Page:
- Communication Style: Chileans can be quite expressive and emotive in their communication. At times, they may interrupt others when speaking when overcome by their passion or interest in the conversation topic. There may be two or three discussion topics going around a group with people joining in and leaving each conversation at different points.
- Indirect Communication: Despite their expressive way of verbally communicating, Chileans generally tend to avoid conflict or confrontation. In conversation, they will often gradually shift the topic towards something they would like to discuss. Chileans also tend to tell their conversation partner what they think you want to hear so as to avoid conflict or causing offence.
- Language Style: Chileans may refer to words in their diminutive form by adding the suffix ‘ito’ for males or ‘ita’ for females at the end of a word. This is used to express familiarity and affection towards a thing or person. For example, a cafe may be referred to as ‘cafecito’.
- Chilean Spanish: Chilean Spanish is also considerably different from what is spoken in neighbouring countries. Chileans generally speak quite fast, use different intonations and rhythms, and often use Chilean slang (‘chilenismos’). There is also a tendency to drop the letters ‘d’ and ‘s’ from words.
- Formality: In Chile, different forms of expression indicate the level of courtesy and formality. The polite form of speech is to address people in the formal form of ‘you' (known as ‘usted’). This is used irrespective of your conversation partner's social status. The informal ‘you' (known as ‘tú’) is generally used between people who know each other very well and among the youth.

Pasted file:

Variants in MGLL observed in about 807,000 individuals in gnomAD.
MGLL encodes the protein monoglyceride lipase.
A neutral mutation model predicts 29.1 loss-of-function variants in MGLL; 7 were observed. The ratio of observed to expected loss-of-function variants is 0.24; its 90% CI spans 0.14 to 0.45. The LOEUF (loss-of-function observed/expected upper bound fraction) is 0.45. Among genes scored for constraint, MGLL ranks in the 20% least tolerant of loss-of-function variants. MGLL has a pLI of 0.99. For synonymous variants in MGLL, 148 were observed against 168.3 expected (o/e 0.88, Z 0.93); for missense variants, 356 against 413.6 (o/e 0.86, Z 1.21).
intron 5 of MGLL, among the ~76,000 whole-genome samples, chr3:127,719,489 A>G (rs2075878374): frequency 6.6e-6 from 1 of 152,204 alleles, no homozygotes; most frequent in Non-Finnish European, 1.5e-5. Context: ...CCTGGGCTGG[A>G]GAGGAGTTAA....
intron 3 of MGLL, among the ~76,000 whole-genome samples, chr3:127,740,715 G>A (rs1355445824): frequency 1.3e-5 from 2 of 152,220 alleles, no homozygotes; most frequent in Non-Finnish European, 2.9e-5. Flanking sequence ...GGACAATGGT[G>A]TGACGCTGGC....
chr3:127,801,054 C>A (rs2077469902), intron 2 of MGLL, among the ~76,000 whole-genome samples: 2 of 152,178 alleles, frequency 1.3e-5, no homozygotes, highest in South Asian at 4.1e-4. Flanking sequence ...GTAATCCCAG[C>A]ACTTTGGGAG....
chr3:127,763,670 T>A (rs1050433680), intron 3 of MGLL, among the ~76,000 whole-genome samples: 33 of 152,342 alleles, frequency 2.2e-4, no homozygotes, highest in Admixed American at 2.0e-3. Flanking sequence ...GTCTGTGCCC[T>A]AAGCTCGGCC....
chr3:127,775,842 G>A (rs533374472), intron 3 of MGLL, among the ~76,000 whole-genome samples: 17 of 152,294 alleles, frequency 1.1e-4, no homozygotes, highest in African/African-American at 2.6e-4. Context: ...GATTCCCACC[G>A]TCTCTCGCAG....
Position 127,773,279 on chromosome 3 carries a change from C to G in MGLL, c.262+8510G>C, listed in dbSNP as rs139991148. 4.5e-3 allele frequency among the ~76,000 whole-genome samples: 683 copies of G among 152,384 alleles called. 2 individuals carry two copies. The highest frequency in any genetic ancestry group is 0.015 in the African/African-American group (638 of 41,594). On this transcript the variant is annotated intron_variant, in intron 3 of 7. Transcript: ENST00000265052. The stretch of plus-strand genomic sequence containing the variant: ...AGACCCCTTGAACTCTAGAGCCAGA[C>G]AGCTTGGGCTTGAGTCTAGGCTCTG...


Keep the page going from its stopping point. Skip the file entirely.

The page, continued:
- Humour: Many Chileans enjoy sharing jokes and introducing humour into conversations. Chilean humour usually involves making jokes towards the shortcomings of themselves or others. At the same time, they will try to minimise any possible offence that this may cause.
- Inverted Question Marks: In the Spanish language, questions are written with an inverted (or upside-down) question mark at the beginning of the sentence. For example: ¿Cuántos años tienes? (How old are you?).
- Physical Contact: Chileans tend to be quite people. It is normal for people to touch another person’s arm or back during conversation. Physical contact with someone of the same gender when talking, such as placing a hand on another’s shoulder, can occur as a sign of attentiveness and friendliness. Public displays of affection between couples (such as holding hands and kissing) are also usually acceptable.
- Personal Space: Chileans usually stand quite close to one another; less than an arm’s length apart is common. Standing or backing away from someone while speaking can be considered rude.
- Eye Contact: Chileans prefer eye contact. Maintaining eye contact is believed to demonstrate a sense of honesty and interest in the person who is speaking. During conversations, they tend to sustain eye contact.
- Listening: At times, Chileans may be somewhat nervous listeners since they wish to break in, but they often avoid doing so to remain polite. However, it is not uncommon for Chileans to interject while someone is speaking.
- Beckoning: Beckoning with the hand or a single finger is considered to be rude. Typically, one does not beckon people with hand gestures.
- Hand Gestures: Excessive hand gestures are avoided. One common gesture is to use one’s index finger and shake it back and forth to indicate “No” or that something is unacceptable. Clicking your fingers to or at someone is considered rude.
Want this profile as a PDF?
Get a downloadable, printable version that you can read later.